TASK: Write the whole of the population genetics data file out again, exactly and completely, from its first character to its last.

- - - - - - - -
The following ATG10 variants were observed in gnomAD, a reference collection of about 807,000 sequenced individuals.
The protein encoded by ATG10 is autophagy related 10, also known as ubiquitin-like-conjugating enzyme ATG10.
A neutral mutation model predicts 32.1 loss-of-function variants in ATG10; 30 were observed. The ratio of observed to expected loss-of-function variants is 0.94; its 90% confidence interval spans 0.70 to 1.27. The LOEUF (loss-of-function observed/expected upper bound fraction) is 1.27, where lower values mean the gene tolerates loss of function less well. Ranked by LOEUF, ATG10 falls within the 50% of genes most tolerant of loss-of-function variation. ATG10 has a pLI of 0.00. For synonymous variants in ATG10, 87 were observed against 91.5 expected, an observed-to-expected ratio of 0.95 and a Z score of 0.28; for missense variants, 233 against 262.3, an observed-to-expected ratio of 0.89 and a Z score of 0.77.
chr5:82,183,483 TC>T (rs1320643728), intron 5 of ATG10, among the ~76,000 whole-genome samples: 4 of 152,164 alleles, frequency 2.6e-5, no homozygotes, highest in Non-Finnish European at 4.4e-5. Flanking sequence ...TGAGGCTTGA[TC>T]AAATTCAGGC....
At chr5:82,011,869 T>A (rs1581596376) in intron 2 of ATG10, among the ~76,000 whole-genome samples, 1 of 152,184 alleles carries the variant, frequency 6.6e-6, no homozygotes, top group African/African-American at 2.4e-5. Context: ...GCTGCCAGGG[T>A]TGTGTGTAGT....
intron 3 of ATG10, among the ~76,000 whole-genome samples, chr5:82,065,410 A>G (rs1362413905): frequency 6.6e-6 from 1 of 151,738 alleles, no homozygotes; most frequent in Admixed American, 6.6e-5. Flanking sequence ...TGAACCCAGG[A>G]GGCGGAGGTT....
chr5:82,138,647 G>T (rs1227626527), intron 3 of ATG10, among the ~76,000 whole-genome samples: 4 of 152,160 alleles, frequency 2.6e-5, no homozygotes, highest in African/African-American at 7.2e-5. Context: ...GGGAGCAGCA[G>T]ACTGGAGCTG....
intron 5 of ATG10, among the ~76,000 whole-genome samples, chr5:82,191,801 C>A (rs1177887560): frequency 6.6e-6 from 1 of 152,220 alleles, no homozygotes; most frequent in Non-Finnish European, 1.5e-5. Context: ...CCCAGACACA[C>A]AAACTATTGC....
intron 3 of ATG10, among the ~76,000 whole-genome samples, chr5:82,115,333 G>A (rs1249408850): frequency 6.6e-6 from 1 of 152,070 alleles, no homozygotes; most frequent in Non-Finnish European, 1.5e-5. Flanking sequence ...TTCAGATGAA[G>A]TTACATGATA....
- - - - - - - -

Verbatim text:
The following ATG10 variants were observed in gnomAD, a reference collection of about 807,000 sequenced individuals.
The protein encoded by ATG10 is autophagy related 10, also known as ubiquitin-like-conjugating enzyme ATG10.
A neutral mutation model predicts 32.1 loss-of-function variants in ATG10; 30 were observed. The ratio of observed to expected loss-of-function variants is 0.94; its 90% confidence interval spans 0.70 to 1.27. The LOEUF (loss-of-function observed/expected upper bound fraction) is 1.27, where lower values mean the gene tolerates loss of function less well. Ranked by LOEUF, ATG10 falls within the 50% of genes most tolerant of loss-of-function variation. ATG10 has a pLI of 0.00. For synonymous variants in ATG10, 87 were observed against 91.5 expected, an observed-to-expected ratio of 0.95 and a Z score of 0.28; for missense variants, 233 against 262.3, an observed-to-expected ratio of 0.89 and a Z score of 0.77.
chr5:82,183,483 TC>T (rs1320643728), intron 5 of ATG10, among the ~76,000 whole-genome samples: 4 of 152,164 alleles, frequency 2.6e-5, no homozygotes, highest in Non-Finnish European at 4.4e-5. Flanking sequence ...TGAGGCTTGA[TC>T]AAATTCAGGC....
At chr5:82,011,869 T>A (rs1581596376) in intron 2 of ATG10, among the ~76,000 whole-genome samples, 1 of 152,184 alleles carries the variant, frequency 6.6e-6, no homozygotes, top group African/African-American at 2.4e-5. Context: ...GCTGCCAGGG[T>A]TGTGTGTAGT....
intron 3 of ATG10, among the ~76,000 whole-genome samples, chr5:82,065,410 A>G (rs1362413905): frequency 6.6e-6 from 1 of 151,738 alleles, no homozygotes; most frequent in Admixed American, 6.6e-5. Flanking sequence ...TGAACCCAGG[A>G]GGCGGAGGTT....
chr5:82,138,647 G>T (rs1227626527), intron 3 of ATG10, among the ~76,000 whole-genome samples: 4 of 152,160 alleles, frequency 2.6e-5, no homozygotes, highest in African/African-American at 7.2e-5. Context: ...GGGAGCAGCA[G>T]ACTGGAGCTG....
intron 5 of ATG10, among the ~76,000 whole-genome samples, chr5:82,191,801 C>A (rs1177887560): frequency 6.6e-6 from 1 of 152,220 alleles, no homozygotes; most frequent in Non-Finnish European, 1.5e-5. Context: ...CCCAGACACA[C>A]AAACTATTGC....
intron 3 of ATG10, among the ~76,000 whole-genome samples, chr5:82,115,333 G>A (rs1249408850): frequency 6.6e-6 from 1 of 152,070 alleles, no homozygotes; most frequent in Non-Finnish European, 1.5e-5. Flanking sequence ...TTCAGATGAA[G>A]TTACATGATA....